Washington’s water quality and fisheries resources are critical to the state economy, amounting to $4.5 billion annually for the state. However, wild salmon and steelhead populations continue to decline, says the State’s recently released State of the Salmon in Watersheds report.
Spokespeople from other supportive entities also issued the following statements:
“We applaud the leadership of the House and overwhelming vote to pass this important legislation to protect critical habit for salmon and steelhead. Protecting existing habitat benefits our fish, fishing jobs, and starving orca,” said Jesse Piedfort, Washington Chapter Director of the Sierra Club.
“From Walla Walla to Bellingham and Longview to Spokane Valley a diverse group of stakeholders have come together like few times before by demanding motorized suction dredge mining reform in Washington State,” said Tom Uniack, Executive Director for Washington Wild, who coordinated the letter signed by 142 stakeholders which was sent to each member of the State Legislature. “The support for this reform is peaking and the time is now to pass this bill to protect our collective decades-long investment in salmon recovery.”
“Trout Unlimited is dedicated to the conservation and restoration of Washington’s salmon and steelhead populations, and all the hard work we are doing in the Central Cascades and across the state is being undermined by inadequate regulation of suction dredge mining,” said Pat Hesselgesser, Trout Unlimited’s Washington Advocacy Chair and member of the Yakima Headwaters Chapter of Trout Unlimited. “Now is the time for addressing this issue head-on and instituting meaningful legal reforms to improve protections for these struggling fish populations.”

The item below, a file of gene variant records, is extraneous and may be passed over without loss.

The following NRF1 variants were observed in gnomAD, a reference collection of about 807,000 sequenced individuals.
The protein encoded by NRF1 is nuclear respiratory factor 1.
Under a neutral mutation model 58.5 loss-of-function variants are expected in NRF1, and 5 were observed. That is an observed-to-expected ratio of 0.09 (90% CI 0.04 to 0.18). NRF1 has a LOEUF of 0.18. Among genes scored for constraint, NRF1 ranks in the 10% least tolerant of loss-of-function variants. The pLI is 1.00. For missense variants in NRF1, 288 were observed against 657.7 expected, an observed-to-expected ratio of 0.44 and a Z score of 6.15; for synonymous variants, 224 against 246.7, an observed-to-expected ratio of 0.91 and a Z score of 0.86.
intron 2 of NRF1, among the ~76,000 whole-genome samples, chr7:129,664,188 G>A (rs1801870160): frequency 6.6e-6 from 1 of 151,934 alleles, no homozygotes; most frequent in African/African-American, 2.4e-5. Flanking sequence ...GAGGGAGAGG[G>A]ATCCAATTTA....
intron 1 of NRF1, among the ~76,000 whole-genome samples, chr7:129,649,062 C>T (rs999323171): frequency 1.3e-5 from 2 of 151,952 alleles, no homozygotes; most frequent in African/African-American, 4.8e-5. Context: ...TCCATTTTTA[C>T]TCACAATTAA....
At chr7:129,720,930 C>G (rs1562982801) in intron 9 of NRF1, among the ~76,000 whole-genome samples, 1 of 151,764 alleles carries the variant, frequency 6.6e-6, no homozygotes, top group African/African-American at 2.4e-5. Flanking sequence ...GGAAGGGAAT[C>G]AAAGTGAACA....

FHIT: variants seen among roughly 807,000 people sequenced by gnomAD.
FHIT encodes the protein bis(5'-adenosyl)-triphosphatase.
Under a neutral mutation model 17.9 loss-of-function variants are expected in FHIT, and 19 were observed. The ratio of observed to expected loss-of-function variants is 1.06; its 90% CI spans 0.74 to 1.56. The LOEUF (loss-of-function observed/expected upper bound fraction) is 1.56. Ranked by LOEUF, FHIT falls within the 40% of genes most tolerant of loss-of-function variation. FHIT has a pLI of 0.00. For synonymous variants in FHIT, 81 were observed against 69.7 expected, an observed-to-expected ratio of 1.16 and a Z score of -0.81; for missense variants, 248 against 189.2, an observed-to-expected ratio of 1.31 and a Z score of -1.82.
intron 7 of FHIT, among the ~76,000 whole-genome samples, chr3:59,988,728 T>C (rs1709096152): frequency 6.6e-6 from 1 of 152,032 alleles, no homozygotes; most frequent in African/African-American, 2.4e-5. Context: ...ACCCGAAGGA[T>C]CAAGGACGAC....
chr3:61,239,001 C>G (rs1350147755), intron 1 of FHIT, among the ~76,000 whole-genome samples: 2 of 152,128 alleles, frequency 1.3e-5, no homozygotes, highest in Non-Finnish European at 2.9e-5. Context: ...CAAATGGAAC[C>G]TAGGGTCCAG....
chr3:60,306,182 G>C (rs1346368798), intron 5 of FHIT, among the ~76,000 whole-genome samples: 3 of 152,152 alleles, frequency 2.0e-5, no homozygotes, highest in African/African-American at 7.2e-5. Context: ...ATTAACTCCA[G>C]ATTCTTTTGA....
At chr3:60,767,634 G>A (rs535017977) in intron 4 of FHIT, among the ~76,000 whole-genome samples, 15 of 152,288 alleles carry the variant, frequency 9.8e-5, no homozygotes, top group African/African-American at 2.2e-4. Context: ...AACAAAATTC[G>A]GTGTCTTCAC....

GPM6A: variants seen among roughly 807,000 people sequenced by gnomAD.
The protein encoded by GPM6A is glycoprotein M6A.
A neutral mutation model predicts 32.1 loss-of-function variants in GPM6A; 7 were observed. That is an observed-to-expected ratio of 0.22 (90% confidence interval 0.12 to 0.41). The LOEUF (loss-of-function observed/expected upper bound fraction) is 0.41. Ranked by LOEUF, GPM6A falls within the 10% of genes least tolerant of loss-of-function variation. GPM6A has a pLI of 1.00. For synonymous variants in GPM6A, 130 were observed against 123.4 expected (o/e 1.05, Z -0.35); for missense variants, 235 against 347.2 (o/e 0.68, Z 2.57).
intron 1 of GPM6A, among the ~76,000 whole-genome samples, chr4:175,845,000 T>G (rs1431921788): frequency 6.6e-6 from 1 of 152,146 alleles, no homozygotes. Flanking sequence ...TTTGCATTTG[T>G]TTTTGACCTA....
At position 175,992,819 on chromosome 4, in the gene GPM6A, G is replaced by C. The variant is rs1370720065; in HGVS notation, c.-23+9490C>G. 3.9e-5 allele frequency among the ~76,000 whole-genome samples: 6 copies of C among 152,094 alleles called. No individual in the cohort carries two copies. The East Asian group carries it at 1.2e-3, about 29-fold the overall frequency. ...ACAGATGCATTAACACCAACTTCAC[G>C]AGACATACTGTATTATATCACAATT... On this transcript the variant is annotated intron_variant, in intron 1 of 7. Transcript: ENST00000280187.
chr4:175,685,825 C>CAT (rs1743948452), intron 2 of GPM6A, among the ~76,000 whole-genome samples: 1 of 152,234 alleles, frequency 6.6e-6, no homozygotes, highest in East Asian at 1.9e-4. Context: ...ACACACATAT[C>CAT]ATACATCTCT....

“As a craft beer bar, bottle shop and restaurant owner, I know the importance of toxic mineral free water,” says Ron Swarner, co-owner of Peaks and Pints and member of the Washington Brewshed Alliance. “Beer, like our bodies, is mostly water. Water is the most important ingredient in beer, too. It affects the pH of the beer. It affects how the beer flavors are expressed to one’s palate. Water can also cause off-flavors from chlorine or contaminants. Therefore, we are one of dozens of Washington businesses that support reforms that protect the source of clean water for fish and wildlife, human consumption and better tasting beer.”
“Leavenworth has a thriving tourist economy built on the back of our incredible landscape and natural environment in the Central Cascades,” said Jason Lundgren, Leavenworth City Council Member. “It is critical that we balance the needs of society and protection of our natural environment here in Leavenworth, or both will suffer. This is simply common-sense legislation and low-hanging fruit for protecting our ESA-listed salmon and steelhead in the Upper Columbia.”
Trout Unlimited is the nation’s oldest and largest coldwater fisheries conservation organization dedicated to conserving, protecting and restoring North America’s trout and salmon and their watersheds. Follow TU on Facebook,Twitter, and Instagram and our blog for all the latest information on trout and salmon conservation.